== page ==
With the news that the first Ebola case has now been diagnosed on American soil, our southern neighbour, many are concerned about the spread of the Ebola virus to Canada. Thousands of people in the West African countries of Liberia, Guinea, Sierra Leone and Nigeria have already been infected and so far around 3,000 have died. There's no doubt there will be long-lasting affects to the whole continent. (Learn more about the virus and its effects in this CBC account of orphaned children affected by Ebola.)
Photography courtesy of FlickrCC/NIAIDTo find out more about the disease we looked to the World Health Organization, who are working to control the disease and its spread. The facts on the Ebola virus:
- The Ebola virus originally appeared in 1976.
- Ebola is spread from human-to-human transmission through direct contact like broken skin or mucous membranes with the blood, secretions, organs or other bodily fluids of infected people, and with surfaces and materials (like bedding, clothing) contaminated with bodily fluids, according to the WHO.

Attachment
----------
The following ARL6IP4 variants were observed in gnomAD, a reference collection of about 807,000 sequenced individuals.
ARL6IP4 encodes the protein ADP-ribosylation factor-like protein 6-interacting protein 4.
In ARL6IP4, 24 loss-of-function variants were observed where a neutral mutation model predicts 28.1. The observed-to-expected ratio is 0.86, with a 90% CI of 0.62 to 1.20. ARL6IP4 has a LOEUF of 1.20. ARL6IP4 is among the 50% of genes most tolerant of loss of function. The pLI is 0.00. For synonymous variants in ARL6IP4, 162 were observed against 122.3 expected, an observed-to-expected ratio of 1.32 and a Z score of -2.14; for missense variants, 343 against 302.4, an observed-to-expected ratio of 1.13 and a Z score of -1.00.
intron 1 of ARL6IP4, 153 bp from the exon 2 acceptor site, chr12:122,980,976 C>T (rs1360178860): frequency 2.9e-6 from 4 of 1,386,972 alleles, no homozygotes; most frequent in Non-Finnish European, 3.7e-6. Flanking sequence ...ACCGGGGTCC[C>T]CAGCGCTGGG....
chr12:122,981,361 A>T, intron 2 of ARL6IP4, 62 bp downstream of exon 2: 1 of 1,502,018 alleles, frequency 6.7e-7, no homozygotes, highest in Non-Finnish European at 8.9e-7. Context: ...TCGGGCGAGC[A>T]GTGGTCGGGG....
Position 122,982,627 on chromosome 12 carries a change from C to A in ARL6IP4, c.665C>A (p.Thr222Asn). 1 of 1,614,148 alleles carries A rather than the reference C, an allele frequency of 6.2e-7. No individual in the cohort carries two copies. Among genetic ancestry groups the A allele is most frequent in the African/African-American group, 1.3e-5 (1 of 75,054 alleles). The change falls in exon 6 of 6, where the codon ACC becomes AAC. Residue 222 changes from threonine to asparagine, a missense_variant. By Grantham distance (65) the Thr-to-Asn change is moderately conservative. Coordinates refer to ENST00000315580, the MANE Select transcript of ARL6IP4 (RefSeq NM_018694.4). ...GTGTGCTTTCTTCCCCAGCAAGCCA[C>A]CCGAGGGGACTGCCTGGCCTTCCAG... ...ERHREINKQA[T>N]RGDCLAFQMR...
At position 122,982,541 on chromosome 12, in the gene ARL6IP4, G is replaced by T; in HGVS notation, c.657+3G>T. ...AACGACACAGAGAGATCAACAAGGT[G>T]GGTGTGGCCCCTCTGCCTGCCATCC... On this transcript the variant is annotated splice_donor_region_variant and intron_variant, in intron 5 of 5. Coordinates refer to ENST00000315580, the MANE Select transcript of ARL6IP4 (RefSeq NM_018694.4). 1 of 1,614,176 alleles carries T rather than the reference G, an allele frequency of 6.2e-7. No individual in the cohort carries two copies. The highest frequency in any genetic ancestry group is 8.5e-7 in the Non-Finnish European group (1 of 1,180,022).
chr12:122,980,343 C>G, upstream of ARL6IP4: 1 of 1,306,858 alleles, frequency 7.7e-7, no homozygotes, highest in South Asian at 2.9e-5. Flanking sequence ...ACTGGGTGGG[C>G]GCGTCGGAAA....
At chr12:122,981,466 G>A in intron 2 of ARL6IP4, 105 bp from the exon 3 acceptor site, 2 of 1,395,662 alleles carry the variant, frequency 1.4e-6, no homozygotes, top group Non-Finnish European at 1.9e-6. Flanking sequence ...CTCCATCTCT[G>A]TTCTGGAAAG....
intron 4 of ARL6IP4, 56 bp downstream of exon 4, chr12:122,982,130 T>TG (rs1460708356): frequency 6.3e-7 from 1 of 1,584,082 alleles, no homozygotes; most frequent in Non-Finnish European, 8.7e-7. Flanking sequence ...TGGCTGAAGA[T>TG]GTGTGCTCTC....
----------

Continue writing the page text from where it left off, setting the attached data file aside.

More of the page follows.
- Fatality from the Ebola virus is currently at 50 percent.
- There is no licensed Ebola vaccine at the moment but there are candidates undergoing trials (some of which come from Canadian labs).
- The incubation period is 2 to 21 days during which people who are potentially infected should be isolated.
- The first symptoms are muscle pain, fever, fatigue, headache and a sore throat. Then patients begin to from suffer vomiting, diarrhea, symptoms of impaired liver and kidney function, a rash and potentially internal and external bleeding.
- Diagnosis takes place at a lab through a variety of tests because the symptoms could be a variety of other illnesses common in West Africa like malaria, etc.